share_book
Envoyer cet article par e-mail

The Invisible Computer: Why Good Products Can Fail, the Personal Computer Is So Complex, and Information Appliances Are the Solution

ou partager sur :

share_comment
Partager ce commentaire par e-mail

ou partager sur :

PRÊT A ACHETER?
(vous pouvez toujours annuler plus tard)


J'aime
The Invisible Computer: Why Good Products Can Fail, the Personal Computer Is So Complex, and Information Appliances Are the Solution

The Invisible Computer: Why Good Products Can Fail, the Personal Computer Is So Complex, and Information Appliances Are the Solution

  (Auteur)


Prix : Cet article n'a pas encore de prix  ask_price

Demande de cotation sur ""
Ce titre est nouveau dans notre fonds d'ouvrages et nous ne l'avons encore jamais vendu à ce jour.
Notre engagement: Vous obtenir le meilleur prix
Aussi nombreux que soient les titres que nous référençons, absolument rien n'est automatisé dans la fixation de nos prix; et plutôt que de convertir automatiquement le prix en euros et risquer de répercuter sur vous un prix artificiellement élevé, nous vous faisons un devis rapide après avoir vérifié les prix auprès de nos différents fournisseurs.
Cette étape de demande de cotation est rapide (généralement quelques heures) et vise à vous faire bénéficier en permanence du meilleur prix pour vos achats de livres.


Sur commande

Des articles qui pourraient aussi vous intéresser

    Description de "The Invisible Computer: Why Good Products Can Fail, the Personal Computer Is So Complex, and..."

    Honorable Mention, Business, Management & Accounting category, 1998 Professional/Scholarly Publishing Annual Awards Competition presented by the Association of American Publishers, Inc.Technologies have a life cycle, says Donald A. Norman, and they must change as they pass from youth to maturity. Alas, the computer industry thinks it is still in its rebellious teenage years, exalting in technical complexity. Customers want change. They are ready for products that offer convenience, ease of use, and pleasure. The technology should be invisible, hidden from sight.In this book Norman shows why the computer is so difficult to use and why this complexity is fundamental to its nature. The only answer is to develop information appliances that fit people's needs and lives. To do this, companies have to change the way they develop products. They need to start with an understanding of people: user needs first, technology last—the opposite of how things are done now.

    Détails sur le produit

    • Reliure : Paperback
    • 320  pages
    • Dimensions :  1.5cmx15.0cmx22.4cm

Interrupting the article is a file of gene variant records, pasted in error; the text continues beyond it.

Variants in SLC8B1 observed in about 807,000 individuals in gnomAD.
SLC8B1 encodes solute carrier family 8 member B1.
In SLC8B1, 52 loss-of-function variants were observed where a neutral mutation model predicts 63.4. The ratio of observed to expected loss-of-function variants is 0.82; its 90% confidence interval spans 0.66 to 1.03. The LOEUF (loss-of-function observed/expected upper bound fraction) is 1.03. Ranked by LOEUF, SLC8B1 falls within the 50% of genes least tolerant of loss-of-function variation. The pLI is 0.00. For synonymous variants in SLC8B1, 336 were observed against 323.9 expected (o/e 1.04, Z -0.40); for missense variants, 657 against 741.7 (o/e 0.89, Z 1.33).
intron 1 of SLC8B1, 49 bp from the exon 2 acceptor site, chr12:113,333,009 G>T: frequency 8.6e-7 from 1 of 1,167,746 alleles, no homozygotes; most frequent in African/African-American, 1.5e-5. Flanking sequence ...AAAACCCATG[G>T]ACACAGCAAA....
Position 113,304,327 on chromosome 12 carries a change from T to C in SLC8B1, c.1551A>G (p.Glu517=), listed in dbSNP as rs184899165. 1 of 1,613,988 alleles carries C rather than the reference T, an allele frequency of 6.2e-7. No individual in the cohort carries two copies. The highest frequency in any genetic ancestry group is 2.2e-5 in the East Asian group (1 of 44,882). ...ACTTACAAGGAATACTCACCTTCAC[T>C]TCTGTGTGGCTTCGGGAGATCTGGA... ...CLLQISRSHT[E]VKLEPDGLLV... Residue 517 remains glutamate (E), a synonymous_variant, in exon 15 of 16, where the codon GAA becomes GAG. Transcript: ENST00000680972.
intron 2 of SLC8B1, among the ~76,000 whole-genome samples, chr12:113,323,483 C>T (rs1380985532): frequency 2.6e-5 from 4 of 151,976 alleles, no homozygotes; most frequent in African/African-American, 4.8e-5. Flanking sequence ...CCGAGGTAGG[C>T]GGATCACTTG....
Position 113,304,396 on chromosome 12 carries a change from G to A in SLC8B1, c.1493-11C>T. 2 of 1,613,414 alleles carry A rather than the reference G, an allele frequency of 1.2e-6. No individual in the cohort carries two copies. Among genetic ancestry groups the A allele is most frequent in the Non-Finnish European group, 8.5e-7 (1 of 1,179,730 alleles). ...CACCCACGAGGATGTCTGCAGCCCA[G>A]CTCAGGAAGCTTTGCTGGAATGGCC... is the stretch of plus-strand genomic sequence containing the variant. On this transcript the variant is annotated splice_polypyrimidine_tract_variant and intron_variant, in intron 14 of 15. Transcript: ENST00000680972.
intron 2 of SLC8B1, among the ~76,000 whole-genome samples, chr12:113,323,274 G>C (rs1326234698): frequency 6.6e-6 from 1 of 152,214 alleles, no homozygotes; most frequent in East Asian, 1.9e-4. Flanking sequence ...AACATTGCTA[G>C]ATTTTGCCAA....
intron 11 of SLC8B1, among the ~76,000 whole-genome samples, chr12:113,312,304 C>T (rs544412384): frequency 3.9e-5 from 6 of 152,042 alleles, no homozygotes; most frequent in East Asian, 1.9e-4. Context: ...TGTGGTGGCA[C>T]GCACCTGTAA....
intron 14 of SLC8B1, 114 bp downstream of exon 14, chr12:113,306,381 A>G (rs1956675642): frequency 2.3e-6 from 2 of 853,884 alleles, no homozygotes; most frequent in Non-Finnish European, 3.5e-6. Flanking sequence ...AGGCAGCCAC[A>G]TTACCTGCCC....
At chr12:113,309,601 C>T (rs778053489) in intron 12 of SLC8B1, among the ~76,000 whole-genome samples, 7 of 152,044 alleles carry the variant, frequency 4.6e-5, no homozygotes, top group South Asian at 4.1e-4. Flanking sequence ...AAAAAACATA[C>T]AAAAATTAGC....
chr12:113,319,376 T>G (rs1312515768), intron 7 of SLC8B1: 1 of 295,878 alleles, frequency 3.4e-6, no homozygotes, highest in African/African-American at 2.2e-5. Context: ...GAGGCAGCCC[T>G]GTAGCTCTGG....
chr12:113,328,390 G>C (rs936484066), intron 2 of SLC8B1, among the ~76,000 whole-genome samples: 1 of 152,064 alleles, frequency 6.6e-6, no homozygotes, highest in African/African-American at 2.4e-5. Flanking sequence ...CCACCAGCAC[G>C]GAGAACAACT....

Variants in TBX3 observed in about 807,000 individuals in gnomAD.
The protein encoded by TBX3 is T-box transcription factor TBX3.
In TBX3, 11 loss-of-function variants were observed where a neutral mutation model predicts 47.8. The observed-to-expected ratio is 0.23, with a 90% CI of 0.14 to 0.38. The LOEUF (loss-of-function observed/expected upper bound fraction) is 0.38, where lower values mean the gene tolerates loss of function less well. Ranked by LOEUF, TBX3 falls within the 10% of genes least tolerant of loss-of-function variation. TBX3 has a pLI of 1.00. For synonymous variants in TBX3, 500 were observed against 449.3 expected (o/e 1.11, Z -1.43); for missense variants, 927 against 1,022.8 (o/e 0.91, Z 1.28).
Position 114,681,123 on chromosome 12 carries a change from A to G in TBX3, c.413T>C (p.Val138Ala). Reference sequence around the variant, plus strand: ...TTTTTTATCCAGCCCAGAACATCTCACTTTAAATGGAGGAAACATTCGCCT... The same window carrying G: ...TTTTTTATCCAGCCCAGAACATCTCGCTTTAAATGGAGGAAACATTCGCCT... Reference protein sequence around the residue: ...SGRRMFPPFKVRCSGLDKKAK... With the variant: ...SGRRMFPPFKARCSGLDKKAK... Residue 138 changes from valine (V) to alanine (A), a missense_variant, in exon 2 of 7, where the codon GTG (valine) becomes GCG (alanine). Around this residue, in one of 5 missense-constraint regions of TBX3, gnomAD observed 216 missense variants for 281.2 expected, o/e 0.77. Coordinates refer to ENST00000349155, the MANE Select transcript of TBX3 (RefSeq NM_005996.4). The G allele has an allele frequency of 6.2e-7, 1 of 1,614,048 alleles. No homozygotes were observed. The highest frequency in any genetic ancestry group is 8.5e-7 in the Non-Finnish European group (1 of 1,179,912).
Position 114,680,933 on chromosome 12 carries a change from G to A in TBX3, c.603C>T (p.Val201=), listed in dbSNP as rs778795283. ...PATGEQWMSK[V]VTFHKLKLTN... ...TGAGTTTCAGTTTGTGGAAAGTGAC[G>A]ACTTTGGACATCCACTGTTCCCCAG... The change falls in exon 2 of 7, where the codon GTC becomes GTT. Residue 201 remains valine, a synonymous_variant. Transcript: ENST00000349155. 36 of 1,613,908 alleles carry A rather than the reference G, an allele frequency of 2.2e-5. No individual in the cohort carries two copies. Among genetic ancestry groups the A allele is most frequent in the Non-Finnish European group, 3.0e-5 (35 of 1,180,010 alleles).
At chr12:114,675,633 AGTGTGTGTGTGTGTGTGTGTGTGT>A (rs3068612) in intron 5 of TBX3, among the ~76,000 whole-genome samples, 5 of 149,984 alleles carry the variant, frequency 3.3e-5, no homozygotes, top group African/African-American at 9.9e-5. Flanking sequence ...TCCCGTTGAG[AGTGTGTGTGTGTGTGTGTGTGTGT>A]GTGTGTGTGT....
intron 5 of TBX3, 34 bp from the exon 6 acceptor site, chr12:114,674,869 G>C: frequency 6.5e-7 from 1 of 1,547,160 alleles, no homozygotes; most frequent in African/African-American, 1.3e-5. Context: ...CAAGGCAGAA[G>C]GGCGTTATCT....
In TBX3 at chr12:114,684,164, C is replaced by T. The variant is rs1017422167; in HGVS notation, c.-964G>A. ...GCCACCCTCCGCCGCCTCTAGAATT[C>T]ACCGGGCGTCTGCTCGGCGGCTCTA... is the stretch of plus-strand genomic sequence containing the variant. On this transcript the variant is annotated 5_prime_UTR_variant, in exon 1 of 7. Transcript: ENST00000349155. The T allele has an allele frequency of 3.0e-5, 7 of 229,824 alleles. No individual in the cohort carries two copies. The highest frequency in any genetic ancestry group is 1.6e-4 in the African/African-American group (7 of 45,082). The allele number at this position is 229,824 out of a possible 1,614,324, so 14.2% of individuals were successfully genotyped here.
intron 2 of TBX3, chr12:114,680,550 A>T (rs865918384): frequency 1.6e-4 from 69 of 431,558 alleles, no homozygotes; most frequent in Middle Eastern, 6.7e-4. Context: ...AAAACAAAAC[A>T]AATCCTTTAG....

• Poids : 430.9g
    • Editeur :   The Mit Press Paru le
    • ISBN :  0262640414
    • EAN13 :  9780262640411
    • Classe Dewey :  004.16
    • Langue : Anglais

    D'autres livres de Donald A. Norman

    The Design of Everyday Things

    Anyone who designs anything to be used by humans--from physical objects to computer programs to conceptual tools--must read this book, and it is an equally tremendous read for anyone who has to use anything created by another human. It could forever change how you experience and interact with your p...

    Prix : 221 DH
    The Invisible Computer: Why Good Products Can Fail, the Personal Computer Is So Complex, and Information Appliances Are the Solution

    Currently, computer users must navigate a sea of guidebooks, frequently asked questions (FAQs), and wizards to perform a task such as searching the Web or creating a spreadsheet. While Donald Norman acknowledges that the personal computer allows for "flexibility and power," he also makes its limitat...

    Emotional Design: Why We Love (or Hate) Everyday Things

    Techno author Norman, a professor of computer science and cofounder of a consulting firm that promotes human-centered products, extends the range of his earlier work, The Design of Everyday Things, to include the role emotion plays in consumer purchases. According to Norman, human decision making is...

    Voir tous les livres de Donald A. Norman

    Commentaires sur cet article

    Personne n'a encore laissé de commentaire. Soyez le premier!

    Laisser un commentaire

    Rechercher des articles similaires par rayon

    Rechercher par thèmes associés

    Honorable Mention, Business, Management & Accounting category, 1998 Professional/Scholarly Publishing Annual Awards Competition presented by the Association of American Publishers, Inc.Technologies have a life cycle, says Donald A. Norman, and they must change as they pass from youth to maturity. Alas, the computer industry thinks it is still in its rebellious teenage years, exalting in technical complexity. Customers want change. They are ready for products that offer convenience, ease of use, and pleasure. The technology should be invisible, hidden from sight.In this book Norman shows why the computer is so difficult to use and why this complexity is fundamental to its nature. The only answer is to develop information appliances that fit people's needs and lives. To do this, companies have to change the way they develop products. They need to start with an understanding of people: user needs first, technology last—the opposite of how things are done now.